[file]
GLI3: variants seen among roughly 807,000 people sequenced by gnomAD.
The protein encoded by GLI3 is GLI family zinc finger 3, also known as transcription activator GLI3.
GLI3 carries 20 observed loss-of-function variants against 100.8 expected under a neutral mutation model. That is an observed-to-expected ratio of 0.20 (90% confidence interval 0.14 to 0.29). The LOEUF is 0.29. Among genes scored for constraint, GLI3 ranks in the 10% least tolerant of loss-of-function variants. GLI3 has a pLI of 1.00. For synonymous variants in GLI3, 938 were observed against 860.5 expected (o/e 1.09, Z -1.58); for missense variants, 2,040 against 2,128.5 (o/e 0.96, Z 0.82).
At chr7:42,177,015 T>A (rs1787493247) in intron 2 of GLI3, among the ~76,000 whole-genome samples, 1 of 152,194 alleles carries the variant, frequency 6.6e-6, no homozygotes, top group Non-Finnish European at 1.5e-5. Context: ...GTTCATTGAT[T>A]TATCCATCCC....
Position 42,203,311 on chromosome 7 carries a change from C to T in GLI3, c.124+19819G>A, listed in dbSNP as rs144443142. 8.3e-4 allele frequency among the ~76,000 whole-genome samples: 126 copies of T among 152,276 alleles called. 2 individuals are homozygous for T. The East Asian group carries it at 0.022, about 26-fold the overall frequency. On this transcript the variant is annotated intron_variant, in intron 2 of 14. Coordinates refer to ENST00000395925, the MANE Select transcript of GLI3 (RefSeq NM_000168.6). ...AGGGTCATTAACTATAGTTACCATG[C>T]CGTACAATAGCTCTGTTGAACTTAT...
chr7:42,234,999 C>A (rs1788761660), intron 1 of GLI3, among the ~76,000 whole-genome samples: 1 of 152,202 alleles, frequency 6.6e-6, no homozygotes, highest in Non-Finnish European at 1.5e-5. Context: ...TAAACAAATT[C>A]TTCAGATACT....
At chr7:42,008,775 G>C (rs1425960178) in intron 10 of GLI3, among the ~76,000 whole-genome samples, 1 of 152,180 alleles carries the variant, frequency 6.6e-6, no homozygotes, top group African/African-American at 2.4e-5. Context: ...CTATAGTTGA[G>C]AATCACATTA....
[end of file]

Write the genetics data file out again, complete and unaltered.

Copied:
GLI3: variants seen among roughly 807,000 people sequenced by gnomAD.
The protein encoded by GLI3 is GLI family zinc finger 3, also known as transcription activator GLI3.
GLI3 carries 20 observed loss-of-function variants against 100.8 expected under a neutral mutation model. That is an observed-to-expected ratio of 0.20 (90% confidence interval 0.14 to 0.29). The LOEUF is 0.29. Among genes scored for constraint, GLI3 ranks in the 10% least tolerant of loss-of-function variants. GLI3 has a pLI of 1.00. For synonymous variants in GLI3, 938 were observed against 860.5 expected (o/e 1.09, Z -1.58); for missense variants, 2,040 against 2,128.5 (o/e 0.96, Z 0.82).
At chr7:42,177,015 T>A (rs1787493247) in intron 2 of GLI3, among the ~76,000 whole-genome samples, 1 of 152,194 alleles carries the variant, frequency 6.6e-6, no homozygotes, top group Non-Finnish European at 1.5e-5. Context: ...GTTCATTGAT[T>A]TATCCATCCC....
Position 42,203,311 on chromosome 7 carries a change from C to T in GLI3, c.124+19819G>A, listed in dbSNP as rs144443142. 8.3e-4 allele frequency among the ~76,000 whole-genome samples: 126 copies of T among 152,276 alleles called. 2 individuals are homozygous for T. The East Asian group carries it at 0.022, about 26-fold the overall frequency. On this transcript the variant is annotated intron_variant, in intron 2 of 14. Coordinates refer to ENST00000395925, the MANE Select transcript of GLI3 (RefSeq NM_000168.6). ...AGGGTCATTAACTATAGTTACCATG[C>T]CGTACAATAGCTCTGTTGAACTTAT...
chr7:42,234,999 C>A (rs1788761660), intron 1 of GLI3, among the ~76,000 whole-genome samples: 1 of 152,202 alleles, frequency 6.6e-6, no homozygotes, highest in Non-Finnish European at 1.5e-5. Context: ...TAAACAAATT[C>A]TTCAGATACT....
At chr7:42,008,775 G>C (rs1425960178) in intron 10 of GLI3, among the ~76,000 whole-genome samples, 1 of 152,180 alleles carries the variant, frequency 6.6e-6, no homozygotes, top group African/African-American at 2.4e-5. Context: ...CTATAGTTGA[G>C]AATCACATTA....